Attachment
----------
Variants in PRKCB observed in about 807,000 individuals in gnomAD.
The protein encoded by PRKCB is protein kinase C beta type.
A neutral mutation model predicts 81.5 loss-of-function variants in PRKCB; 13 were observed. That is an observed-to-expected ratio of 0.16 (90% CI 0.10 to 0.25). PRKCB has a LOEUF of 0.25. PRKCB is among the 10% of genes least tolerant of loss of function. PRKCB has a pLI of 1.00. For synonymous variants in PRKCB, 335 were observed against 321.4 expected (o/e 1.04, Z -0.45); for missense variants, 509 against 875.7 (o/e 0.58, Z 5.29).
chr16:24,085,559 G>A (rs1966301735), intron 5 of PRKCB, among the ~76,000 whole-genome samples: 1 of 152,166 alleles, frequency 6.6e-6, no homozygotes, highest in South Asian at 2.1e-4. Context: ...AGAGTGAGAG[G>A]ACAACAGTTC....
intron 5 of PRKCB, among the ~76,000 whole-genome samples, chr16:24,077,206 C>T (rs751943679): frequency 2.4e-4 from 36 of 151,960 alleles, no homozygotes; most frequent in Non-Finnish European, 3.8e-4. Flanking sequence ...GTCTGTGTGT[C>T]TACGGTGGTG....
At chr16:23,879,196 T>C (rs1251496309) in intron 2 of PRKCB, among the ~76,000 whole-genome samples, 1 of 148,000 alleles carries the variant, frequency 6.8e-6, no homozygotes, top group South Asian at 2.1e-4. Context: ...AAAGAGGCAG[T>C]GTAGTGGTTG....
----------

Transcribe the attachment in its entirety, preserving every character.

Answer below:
Variants in PRKCB observed in about 807,000 individuals in gnomAD.
The protein encoded by PRKCB is protein kinase C beta type.
A neutral mutation model predicts 81.5 loss-of-function variants in PRKCB; 13 were observed. That is an observed-to-expected ratio of 0.16 (90% CI 0.10 to 0.25). PRKCB has a LOEUF of 0.25. PRKCB is among the 10% of genes least tolerant of loss of function. PRKCB has a pLI of 1.00. For synonymous variants in PRKCB, 335 were observed against 321.4 expected (o/e 1.04, Z -0.45); for missense variants, 509 against 875.7 (o/e 0.58, Z 5.29).
chr16:24,085,559 G>A (rs1966301735), intron 5 of PRKCB, among the ~76,000 whole-genome samples: 1 of 152,166 alleles, frequency 6.6e-6, no homozygotes, highest in South Asian at 2.1e-4. Context: ...AGAGTGAGAG[G>A]ACAACAGTTC....
intron 5 of PRKCB, among the ~76,000 whole-genome samples, chr16:24,077,206 C>T (rs751943679): frequency 2.4e-4 from 36 of 151,960 alleles, no homozygotes; most frequent in Non-Finnish European, 3.8e-4. Flanking sequence ...GTCTGTGTGT[C>T]TACGGTGGTG....
At chr16:23,879,196 T>C (rs1251496309) in intron 2 of PRKCB, among the ~76,000 whole-genome samples, 1 of 148,000 alleles carries the variant, frequency 6.8e-6, no homozygotes, top group South Asian at 2.1e-4. Context: ...AAAGAGGCAG[T>C]GTAGTGGTTG....